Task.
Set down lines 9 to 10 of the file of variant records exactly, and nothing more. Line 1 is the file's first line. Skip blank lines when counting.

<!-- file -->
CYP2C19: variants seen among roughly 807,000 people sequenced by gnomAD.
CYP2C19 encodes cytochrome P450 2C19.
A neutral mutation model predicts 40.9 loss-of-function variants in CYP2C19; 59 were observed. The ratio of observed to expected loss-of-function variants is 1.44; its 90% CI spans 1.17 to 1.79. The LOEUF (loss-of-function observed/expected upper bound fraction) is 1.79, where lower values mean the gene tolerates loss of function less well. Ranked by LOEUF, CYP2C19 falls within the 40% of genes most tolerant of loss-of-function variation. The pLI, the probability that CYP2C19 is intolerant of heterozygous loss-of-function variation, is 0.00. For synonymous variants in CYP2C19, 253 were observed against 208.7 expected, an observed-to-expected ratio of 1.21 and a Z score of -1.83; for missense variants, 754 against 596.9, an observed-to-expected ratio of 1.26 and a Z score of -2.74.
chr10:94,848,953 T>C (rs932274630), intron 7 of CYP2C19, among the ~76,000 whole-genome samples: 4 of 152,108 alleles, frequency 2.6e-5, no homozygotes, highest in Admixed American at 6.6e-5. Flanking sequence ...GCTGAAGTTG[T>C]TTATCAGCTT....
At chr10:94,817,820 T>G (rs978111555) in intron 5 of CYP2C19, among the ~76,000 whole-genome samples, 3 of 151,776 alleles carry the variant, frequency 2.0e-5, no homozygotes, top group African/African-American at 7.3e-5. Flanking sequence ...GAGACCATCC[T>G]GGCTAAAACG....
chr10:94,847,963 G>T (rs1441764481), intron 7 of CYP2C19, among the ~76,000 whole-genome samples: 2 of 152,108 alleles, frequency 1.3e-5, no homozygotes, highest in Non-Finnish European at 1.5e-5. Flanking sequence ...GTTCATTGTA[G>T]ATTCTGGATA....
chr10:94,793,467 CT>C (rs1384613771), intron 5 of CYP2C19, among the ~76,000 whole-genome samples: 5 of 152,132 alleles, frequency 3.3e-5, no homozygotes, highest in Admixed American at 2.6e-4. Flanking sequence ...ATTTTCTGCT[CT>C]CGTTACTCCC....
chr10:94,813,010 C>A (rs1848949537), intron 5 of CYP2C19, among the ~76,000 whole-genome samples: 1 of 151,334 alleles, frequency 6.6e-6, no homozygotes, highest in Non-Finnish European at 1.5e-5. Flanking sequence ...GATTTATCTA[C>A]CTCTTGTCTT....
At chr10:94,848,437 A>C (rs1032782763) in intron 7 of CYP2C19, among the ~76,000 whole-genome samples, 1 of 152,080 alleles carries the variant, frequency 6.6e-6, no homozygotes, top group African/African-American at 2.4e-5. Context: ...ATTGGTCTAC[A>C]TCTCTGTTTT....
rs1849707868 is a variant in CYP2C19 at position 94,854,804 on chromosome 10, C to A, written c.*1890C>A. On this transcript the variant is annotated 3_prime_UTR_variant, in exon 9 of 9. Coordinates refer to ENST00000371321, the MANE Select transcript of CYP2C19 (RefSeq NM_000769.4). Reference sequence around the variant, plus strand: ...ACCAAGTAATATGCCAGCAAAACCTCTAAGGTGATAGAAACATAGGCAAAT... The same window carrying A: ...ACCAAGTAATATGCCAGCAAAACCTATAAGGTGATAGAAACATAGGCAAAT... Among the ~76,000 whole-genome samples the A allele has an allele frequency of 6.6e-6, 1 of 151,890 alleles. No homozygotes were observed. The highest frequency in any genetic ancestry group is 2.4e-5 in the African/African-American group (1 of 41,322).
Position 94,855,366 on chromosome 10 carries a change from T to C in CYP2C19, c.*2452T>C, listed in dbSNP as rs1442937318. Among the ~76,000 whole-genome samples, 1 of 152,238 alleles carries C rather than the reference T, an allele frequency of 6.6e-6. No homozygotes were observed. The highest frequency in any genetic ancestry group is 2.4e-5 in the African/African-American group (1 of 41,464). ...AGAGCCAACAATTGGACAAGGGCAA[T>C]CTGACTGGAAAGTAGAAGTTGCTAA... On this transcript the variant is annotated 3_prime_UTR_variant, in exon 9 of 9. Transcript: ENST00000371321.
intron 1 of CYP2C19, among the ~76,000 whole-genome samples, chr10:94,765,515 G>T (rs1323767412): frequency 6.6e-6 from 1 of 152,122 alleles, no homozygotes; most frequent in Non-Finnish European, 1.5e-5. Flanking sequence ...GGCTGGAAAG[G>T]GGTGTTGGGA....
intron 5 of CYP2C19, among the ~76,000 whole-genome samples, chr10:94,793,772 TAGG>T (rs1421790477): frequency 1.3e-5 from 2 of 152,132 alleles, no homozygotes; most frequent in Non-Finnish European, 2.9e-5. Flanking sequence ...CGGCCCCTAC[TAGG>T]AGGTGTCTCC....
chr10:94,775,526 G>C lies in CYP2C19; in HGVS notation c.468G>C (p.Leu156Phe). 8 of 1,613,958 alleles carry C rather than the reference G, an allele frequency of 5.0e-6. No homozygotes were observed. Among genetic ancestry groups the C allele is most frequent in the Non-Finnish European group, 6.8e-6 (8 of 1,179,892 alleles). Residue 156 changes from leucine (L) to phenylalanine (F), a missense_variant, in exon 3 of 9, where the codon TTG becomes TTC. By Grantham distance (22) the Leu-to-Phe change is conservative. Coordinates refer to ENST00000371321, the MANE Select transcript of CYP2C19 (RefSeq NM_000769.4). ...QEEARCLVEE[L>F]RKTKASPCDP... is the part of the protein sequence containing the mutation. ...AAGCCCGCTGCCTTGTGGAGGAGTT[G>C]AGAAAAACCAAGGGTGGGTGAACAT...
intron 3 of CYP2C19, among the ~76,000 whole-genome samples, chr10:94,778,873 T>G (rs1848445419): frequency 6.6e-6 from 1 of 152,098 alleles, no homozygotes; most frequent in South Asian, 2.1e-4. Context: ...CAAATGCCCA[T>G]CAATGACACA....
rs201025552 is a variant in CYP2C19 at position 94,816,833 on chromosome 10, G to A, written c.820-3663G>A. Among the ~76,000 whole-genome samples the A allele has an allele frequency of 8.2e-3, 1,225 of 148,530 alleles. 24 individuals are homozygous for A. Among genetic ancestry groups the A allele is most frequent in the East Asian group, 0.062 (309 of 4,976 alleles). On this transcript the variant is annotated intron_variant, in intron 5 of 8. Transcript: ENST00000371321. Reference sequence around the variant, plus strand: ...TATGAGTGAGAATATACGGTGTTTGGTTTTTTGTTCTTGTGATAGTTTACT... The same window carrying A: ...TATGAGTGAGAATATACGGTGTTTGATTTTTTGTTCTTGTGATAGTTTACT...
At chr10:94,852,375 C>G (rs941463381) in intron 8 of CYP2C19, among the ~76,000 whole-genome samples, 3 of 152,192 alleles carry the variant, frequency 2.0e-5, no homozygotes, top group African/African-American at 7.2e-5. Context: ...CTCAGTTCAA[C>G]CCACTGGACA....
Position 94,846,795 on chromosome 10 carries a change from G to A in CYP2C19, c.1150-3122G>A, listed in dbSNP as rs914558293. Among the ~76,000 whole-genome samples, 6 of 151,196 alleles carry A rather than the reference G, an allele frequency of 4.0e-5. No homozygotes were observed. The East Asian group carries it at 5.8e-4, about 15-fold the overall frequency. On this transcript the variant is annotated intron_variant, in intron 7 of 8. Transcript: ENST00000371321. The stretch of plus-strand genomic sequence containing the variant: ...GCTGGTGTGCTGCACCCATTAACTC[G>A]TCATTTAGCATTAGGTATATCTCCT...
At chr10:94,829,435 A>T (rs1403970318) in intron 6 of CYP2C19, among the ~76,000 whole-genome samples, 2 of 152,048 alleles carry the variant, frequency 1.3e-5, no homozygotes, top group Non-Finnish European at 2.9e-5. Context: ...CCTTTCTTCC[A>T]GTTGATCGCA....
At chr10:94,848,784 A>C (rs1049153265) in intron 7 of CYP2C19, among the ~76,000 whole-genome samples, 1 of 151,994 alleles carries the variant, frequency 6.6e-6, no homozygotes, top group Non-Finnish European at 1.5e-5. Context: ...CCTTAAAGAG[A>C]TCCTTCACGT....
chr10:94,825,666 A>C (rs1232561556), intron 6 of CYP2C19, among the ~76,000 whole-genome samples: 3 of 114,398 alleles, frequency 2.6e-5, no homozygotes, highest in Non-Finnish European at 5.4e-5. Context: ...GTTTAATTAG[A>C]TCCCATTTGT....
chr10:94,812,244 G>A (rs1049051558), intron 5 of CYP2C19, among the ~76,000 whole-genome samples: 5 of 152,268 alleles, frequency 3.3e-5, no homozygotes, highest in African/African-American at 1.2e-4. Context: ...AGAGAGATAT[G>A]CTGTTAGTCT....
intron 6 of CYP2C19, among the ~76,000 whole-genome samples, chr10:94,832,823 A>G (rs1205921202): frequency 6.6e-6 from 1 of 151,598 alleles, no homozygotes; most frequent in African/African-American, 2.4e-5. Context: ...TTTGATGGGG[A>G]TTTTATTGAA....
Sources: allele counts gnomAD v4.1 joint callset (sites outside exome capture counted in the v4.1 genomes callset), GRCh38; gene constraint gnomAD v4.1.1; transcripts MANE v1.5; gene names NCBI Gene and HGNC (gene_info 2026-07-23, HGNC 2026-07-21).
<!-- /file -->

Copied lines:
At chr10:94,848,437 A>C (rs1032782763) in intron 7 of CYP2C19, among the ~76,000 whole-genome samples, 1 of 152,080 alleles carries the variant, frequency 6.6e-6, no homozygotes, top group African/African-American at 2.4e-5. Context: ...ATTGGTCTAC[A>C]TCTCTGTTTT....
rs1849707868 is a variant in CYP2C19 at position 94,854,804 on chromosome 10, C to A, written c.*1890C>A. On this transcript the variant is annotated 3_prime_UTR_variant, in exon 9 of 9. Coordinates refer to ENST00000371321, the MANE Select transcript of CYP2C19 (RefSeq NM_000769.4). Reference sequence around the variant, plus strand: ...ACCAAGTAATATGCCAGCAAAACCTCTAAGGTGATAGAAACATAGGCAAAT... The same window carrying A: ...ACCAAGTAATATGCCAGCAAAACCTATAAGGTGATAGAAACATAGGCAAAT... Among the ~76,000 whole-genome samples the A allele has an allele frequency of 6.6e-6, 1 of 151,890 alleles. No homozygotes were observed. The highest frequency in any genetic ancestry group is 2.4e-5 in the African/African-American group (1 of 41,322).